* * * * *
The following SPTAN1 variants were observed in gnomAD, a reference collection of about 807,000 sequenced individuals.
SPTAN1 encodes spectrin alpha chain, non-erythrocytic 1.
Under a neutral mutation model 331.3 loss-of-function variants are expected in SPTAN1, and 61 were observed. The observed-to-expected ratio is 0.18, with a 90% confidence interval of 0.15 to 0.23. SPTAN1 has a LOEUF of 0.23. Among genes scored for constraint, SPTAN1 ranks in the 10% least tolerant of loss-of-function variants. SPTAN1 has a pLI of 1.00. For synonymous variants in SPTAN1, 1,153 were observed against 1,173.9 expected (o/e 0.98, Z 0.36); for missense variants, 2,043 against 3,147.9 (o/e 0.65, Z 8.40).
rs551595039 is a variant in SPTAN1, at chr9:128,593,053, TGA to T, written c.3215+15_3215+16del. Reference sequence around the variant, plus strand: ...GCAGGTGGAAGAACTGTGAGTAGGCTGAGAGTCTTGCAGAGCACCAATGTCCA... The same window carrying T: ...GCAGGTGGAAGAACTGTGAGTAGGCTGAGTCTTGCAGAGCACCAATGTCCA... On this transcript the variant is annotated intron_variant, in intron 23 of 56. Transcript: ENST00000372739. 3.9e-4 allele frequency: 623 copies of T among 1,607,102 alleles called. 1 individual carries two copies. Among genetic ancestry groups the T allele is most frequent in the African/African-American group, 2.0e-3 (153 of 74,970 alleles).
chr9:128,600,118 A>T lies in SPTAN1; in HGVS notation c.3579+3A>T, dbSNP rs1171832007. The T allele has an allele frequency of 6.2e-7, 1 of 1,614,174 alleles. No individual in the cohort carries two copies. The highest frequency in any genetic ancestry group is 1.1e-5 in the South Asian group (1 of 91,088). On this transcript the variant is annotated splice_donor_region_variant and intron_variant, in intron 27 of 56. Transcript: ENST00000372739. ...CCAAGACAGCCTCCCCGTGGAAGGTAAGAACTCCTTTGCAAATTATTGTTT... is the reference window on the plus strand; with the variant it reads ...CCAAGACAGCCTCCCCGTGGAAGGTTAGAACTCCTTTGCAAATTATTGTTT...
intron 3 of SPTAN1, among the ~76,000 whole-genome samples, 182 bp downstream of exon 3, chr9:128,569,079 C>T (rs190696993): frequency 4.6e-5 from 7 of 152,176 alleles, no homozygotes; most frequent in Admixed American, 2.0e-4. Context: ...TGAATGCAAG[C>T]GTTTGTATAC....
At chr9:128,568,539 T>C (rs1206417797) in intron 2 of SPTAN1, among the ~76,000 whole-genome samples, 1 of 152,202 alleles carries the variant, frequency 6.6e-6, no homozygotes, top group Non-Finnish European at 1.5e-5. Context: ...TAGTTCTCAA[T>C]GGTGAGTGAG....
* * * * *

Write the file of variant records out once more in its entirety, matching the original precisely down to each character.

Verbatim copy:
The following SPTAN1 variants were observed in gnomAD, a reference collection of about 807,000 sequenced individuals.
SPTAN1 encodes spectrin alpha chain, non-erythrocytic 1.
Under a neutral mutation model 331.3 loss-of-function variants are expected in SPTAN1, and 61 were observed. The observed-to-expected ratio is 0.18, with a 90% confidence interval of 0.15 to 0.23. SPTAN1 has a LOEUF of 0.23. Among genes scored for constraint, SPTAN1 ranks in the 10% least tolerant of loss-of-function variants. SPTAN1 has a pLI of 1.00. For synonymous variants in SPTAN1, 1,153 were observed against 1,173.9 expected (o/e 0.98, Z 0.36); for missense variants, 2,043 against 3,147.9 (o/e 0.65, Z 8.40).
rs551595039 is a variant in SPTAN1, at chr9:128,593,053, TGA to T, written c.3215+15_3215+16del. Reference sequence around the variant, plus strand: ...GCAGGTGGAAGAACTGTGAGTAGGCTGAGAGTCTTGCAGAGCACCAATGTCCA... The same window carrying T: ...GCAGGTGGAAGAACTGTGAGTAGGCTGAGTCTTGCAGAGCACCAATGTCCA... On this transcript the variant is annotated intron_variant, in intron 23 of 56. Transcript: ENST00000372739. 3.9e-4 allele frequency: 623 copies of T among 1,607,102 alleles called. 1 individual carries two copies. Among genetic ancestry groups the T allele is most frequent in the African/African-American group, 2.0e-3 (153 of 74,970 alleles).
chr9:128,600,118 A>T lies in SPTAN1; in HGVS notation c.3579+3A>T, dbSNP rs1171832007. The T allele has an allele frequency of 6.2e-7, 1 of 1,614,174 alleles. No individual in the cohort carries two copies. The highest frequency in any genetic ancestry group is 1.1e-5 in the South Asian group (1 of 91,088). On this transcript the variant is annotated splice_donor_region_variant and intron_variant, in intron 27 of 56. Transcript: ENST00000372739. ...CCAAGACAGCCTCCCCGTGGAAGGTAAGAACTCCTTTGCAAATTATTGTTT... is the reference window on the plus strand; with the variant it reads ...CCAAGACAGCCTCCCCGTGGAAGGTTAGAACTCCTTTGCAAATTATTGTTT...
intron 3 of SPTAN1, among the ~76,000 whole-genome samples, 182 bp downstream of exon 3, chr9:128,569,079 C>T (rs190696993): frequency 4.6e-5 from 7 of 152,176 alleles, no homozygotes; most frequent in Admixed American, 2.0e-4. Context: ...TGAATGCAAG[C>T]GTTTGTATAC....
At chr9:128,568,539 T>C (rs1206417797) in intron 2 of SPTAN1, among the ~76,000 whole-genome samples, 1 of 152,202 alleles carries the variant, frequency 6.6e-6, no homozygotes, top group Non-Finnish European at 1.5e-5. Context: ...TAGTTCTCAA[T>C]GGTGAGTGAG....